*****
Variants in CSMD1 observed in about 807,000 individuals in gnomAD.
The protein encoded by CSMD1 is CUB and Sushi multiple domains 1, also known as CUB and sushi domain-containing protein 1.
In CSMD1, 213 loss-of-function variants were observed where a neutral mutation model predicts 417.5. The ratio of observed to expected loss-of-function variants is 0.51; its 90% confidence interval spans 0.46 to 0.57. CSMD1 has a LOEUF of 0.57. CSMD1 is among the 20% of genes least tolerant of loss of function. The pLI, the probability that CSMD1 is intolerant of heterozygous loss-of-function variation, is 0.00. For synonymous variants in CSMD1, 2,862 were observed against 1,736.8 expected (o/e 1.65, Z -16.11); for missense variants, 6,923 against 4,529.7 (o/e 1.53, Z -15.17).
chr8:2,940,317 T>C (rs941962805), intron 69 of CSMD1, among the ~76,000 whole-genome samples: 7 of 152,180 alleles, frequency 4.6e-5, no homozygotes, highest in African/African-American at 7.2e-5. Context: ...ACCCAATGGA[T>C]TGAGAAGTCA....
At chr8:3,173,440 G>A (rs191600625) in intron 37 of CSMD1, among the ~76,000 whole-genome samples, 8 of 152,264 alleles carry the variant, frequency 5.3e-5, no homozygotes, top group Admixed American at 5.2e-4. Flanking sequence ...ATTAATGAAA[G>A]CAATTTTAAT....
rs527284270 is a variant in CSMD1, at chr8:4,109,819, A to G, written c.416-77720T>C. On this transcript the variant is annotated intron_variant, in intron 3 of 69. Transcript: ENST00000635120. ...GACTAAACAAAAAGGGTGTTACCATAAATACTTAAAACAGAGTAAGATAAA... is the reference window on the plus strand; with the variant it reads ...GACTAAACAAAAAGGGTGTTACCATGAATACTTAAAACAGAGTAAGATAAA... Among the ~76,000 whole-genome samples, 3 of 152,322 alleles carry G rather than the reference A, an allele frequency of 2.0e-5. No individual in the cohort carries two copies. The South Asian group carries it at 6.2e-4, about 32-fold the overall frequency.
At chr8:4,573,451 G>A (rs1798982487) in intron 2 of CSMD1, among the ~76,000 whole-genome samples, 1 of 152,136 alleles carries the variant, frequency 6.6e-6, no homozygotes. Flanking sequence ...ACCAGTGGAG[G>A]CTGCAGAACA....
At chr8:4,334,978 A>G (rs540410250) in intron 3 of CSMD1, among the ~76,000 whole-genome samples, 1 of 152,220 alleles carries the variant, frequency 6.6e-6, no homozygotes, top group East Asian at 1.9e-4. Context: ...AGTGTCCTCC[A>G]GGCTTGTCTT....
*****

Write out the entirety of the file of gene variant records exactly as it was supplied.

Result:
Variants in CSMD1 observed in about 807,000 individuals in gnomAD.
The protein encoded by CSMD1 is CUB and Sushi multiple domains 1, also known as CUB and sushi domain-containing protein 1.
In CSMD1, 213 loss-of-function variants were observed where a neutral mutation model predicts 417.5. The ratio of observed to expected loss-of-function variants is 0.51; its 90% confidence interval spans 0.46 to 0.57. CSMD1 has a LOEUF of 0.57. CSMD1 is among the 20% of genes least tolerant of loss of function. The pLI, the probability that CSMD1 is intolerant of heterozygous loss-of-function variation, is 0.00. For synonymous variants in CSMD1, 2,862 were observed against 1,736.8 expected (o/e 1.65, Z -16.11); for missense variants, 6,923 against 4,529.7 (o/e 1.53, Z -15.17).
chr8:2,940,317 T>C (rs941962805), intron 69 of CSMD1, among the ~76,000 whole-genome samples: 7 of 152,180 alleles, frequency 4.6e-5, no homozygotes, highest in African/African-American at 7.2e-5. Context: ...ACCCAATGGA[T>C]TGAGAAGTCA....
At chr8:3,173,440 G>A (rs191600625) in intron 37 of CSMD1, among the ~76,000 whole-genome samples, 8 of 152,264 alleles carry the variant, frequency 5.3e-5, no homozygotes, top group Admixed American at 5.2e-4. Flanking sequence ...ATTAATGAAA[G>A]CAATTTTAAT....
rs527284270 is a variant in CSMD1, at chr8:4,109,819, A to G, written c.416-77720T>C. On this transcript the variant is annotated intron_variant, in intron 3 of 69. Transcript: ENST00000635120. ...GACTAAACAAAAAGGGTGTTACCATAAATACTTAAAACAGAGTAAGATAAA... is the reference window on the plus strand; with the variant it reads ...GACTAAACAAAAAGGGTGTTACCATGAATACTTAAAACAGAGTAAGATAAA... Among the ~76,000 whole-genome samples, 3 of 152,322 alleles carry G rather than the reference A, an allele frequency of 2.0e-5. No individual in the cohort carries two copies. The South Asian group carries it at 6.2e-4, about 32-fold the overall frequency.
At chr8:4,573,451 G>A (rs1798982487) in intron 2 of CSMD1, among the ~76,000 whole-genome samples, 1 of 152,136 alleles carries the variant, frequency 6.6e-6, no homozygotes. Flanking sequence ...ACCAGTGGAG[G>A]CTGCAGAACA....
At chr8:4,334,978 A>G (rs540410250) in intron 3 of CSMD1, among the ~76,000 whole-genome samples, 1 of 152,220 alleles carries the variant, frequency 6.6e-6, no homozygotes, top group East Asian at 1.9e-4. Context: ...AGTGTCCTCC[A>G]GGCTTGTCTT....